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Figure 1. Mutant K-ras and p16shRNA were stably expressed in HPNE cells.

(A) The strategy for introducing gene alterations into HPNE cell lines. (B) Stable expression of mutant K-RasG12V in the HPNE cell line, as identified by Ras activity assay and Western blot analysis of total Ras expression. (C) The expression levels of K-ras and p16 in HPNE/K-ras cells were identified by RT-PCR analysis. (D) Stable expression of mutant K-ras and p16shRNA in HPNE cell lines. The stable cell lines were identified by Western blot analysis of the expression of RasG12V, total Ras and p16. (E) Western blot analysis of p-Rb and Rb expression in HPNE cell lines. (F) Western blot analysis of p14 expression in HPNE cell lines.

https://doi.org/10.1371/journal.pone.0101452.g001

Activation of K-ras and silencing of p16 in HPNE cells increased cell proliferation and growth

Because uncontrolled cell growth is a hallmark of cancer, we first examined the growth features of HPNE/K-ras/p16sh cells. Neither HPNE/K-ras cells nor HPNE/K-ras/p16shRNA cells showed any significant morphological differences from control cells and original parental cells. Expression of mutant K-ras and knocking down of p16 in HPNE cells caused a marked increase in growth compared with control cell lines as determined by cell growth curve and cell cycle analysis (Fig. 2A & 2B). The percentages of cells in S phase for HPNE/K-ras and HPNE/K-ras/p16shRNA cell lines were 31.02±1.45% and 42.13±1.23%, respectively; both were higher than that of the control cells (19.1±1.27%; Fig. 2B).

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Figure 2. Activation of K-ras and silencing of p16 in HPNE cells increased cell proliferation and growth.

(A) The cell growth curve of HPNE cell lines as detected by using a cell counter. (B) Cell cycle analysis of HPNE cell lines. The percentage of cells in each phase of the cell cycle is shown. (C) Anchorage-independent cell growth of HPNE cell lines in soft agar assay. A representative field of soft agar for each cell line is shown. (D) Cells were incubated with gemcitabine for 72 h, and cell viability was measured by MTT assay. (E) The expression of cell cycle proteins cyclins and c-Myc was increased by mutant K-ras in HPNE cell lines, as determined by Western blot analysis. β-Actin was used as loading control. (F) Relative mRNA levels of E2F target genes in HPNE/K-ras and HPNE/K-ras/p16sh cells. All data are presented as mean ± SD (n = 3 independent experiments). **P<0.01 versus the corresponding control groups.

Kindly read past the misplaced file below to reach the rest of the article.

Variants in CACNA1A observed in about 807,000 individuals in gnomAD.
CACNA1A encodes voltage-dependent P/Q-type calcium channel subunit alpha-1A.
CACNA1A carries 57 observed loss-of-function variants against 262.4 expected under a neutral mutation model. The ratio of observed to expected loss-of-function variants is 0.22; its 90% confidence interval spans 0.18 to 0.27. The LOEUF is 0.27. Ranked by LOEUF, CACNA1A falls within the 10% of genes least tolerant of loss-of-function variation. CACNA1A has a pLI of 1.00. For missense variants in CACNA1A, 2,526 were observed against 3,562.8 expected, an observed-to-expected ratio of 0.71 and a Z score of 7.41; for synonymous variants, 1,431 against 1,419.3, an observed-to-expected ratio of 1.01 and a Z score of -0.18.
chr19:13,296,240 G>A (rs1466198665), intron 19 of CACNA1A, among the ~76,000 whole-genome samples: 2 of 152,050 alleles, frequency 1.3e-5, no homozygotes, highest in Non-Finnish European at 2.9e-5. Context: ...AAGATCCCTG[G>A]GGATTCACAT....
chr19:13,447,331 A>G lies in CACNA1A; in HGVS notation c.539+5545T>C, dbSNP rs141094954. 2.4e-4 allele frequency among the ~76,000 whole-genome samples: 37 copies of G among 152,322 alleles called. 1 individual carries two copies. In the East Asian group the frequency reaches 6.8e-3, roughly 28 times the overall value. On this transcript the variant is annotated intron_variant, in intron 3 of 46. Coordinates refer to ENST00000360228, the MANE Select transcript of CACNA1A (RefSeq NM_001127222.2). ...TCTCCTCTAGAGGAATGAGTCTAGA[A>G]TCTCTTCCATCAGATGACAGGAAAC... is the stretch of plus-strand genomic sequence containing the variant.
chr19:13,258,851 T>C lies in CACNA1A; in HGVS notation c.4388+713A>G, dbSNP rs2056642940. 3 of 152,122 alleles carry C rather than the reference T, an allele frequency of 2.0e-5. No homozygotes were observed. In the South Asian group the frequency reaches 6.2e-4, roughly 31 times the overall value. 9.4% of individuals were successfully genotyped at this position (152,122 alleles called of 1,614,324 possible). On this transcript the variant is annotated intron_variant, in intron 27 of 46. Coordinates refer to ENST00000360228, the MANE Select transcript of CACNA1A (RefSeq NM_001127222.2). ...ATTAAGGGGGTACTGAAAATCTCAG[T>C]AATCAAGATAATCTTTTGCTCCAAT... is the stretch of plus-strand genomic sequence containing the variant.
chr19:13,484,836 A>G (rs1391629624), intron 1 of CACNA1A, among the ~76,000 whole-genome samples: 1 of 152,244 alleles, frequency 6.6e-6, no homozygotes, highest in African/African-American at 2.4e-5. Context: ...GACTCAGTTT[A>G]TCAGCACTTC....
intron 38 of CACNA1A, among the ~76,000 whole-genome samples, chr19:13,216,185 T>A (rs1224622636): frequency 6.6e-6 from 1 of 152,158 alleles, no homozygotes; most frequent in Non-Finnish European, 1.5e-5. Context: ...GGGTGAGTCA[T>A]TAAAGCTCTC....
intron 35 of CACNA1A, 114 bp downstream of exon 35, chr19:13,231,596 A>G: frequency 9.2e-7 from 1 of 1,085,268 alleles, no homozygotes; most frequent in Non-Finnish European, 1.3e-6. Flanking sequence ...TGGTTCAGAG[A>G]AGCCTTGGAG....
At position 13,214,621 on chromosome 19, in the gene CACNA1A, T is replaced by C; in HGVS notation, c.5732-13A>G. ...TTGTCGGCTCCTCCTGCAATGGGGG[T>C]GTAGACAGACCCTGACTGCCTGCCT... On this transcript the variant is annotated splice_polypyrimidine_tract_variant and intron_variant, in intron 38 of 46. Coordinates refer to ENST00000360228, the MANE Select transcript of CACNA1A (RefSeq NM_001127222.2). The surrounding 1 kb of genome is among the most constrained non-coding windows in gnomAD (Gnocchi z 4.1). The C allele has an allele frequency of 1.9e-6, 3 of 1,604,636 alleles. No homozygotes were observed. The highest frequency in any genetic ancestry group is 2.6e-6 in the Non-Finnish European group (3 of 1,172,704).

https://doi.org/10.1371/journal.pone.0101452.g002

To investigate whether HPNE cells had acquired the capacity for anchorage-independent growth, one of the hallmarks of in vitro cell transformation, we performed soft agar assays of HPNE/K-ras and HPNE/K-ras/p16shRNA cells. Unaltered HPNE cells did not form colonies, whereas mutant K-ras induced colony formation (Fig. 2C). Furthermore, the combination of mutant K-ras and p16 knockdown induced even more marked increases in the number and size of colonies (Fig. 2C), indicating that knocking down p16 increased the transformation potential of mutant K-ras. Additionally, MTT assays demonstrated that gemcitabine effectively inhibited cell growth in both HPNE/K-ras and HPNE/K-ras/p16sh cells in a dose-dependent manner, while HPNE cells were less sensitive to gemcitabine (Fig. 2D). These results suggest that the specific combination of expression of activated K-ras and knockdown of p16 is sufficient to transform HPNE cells in vitro.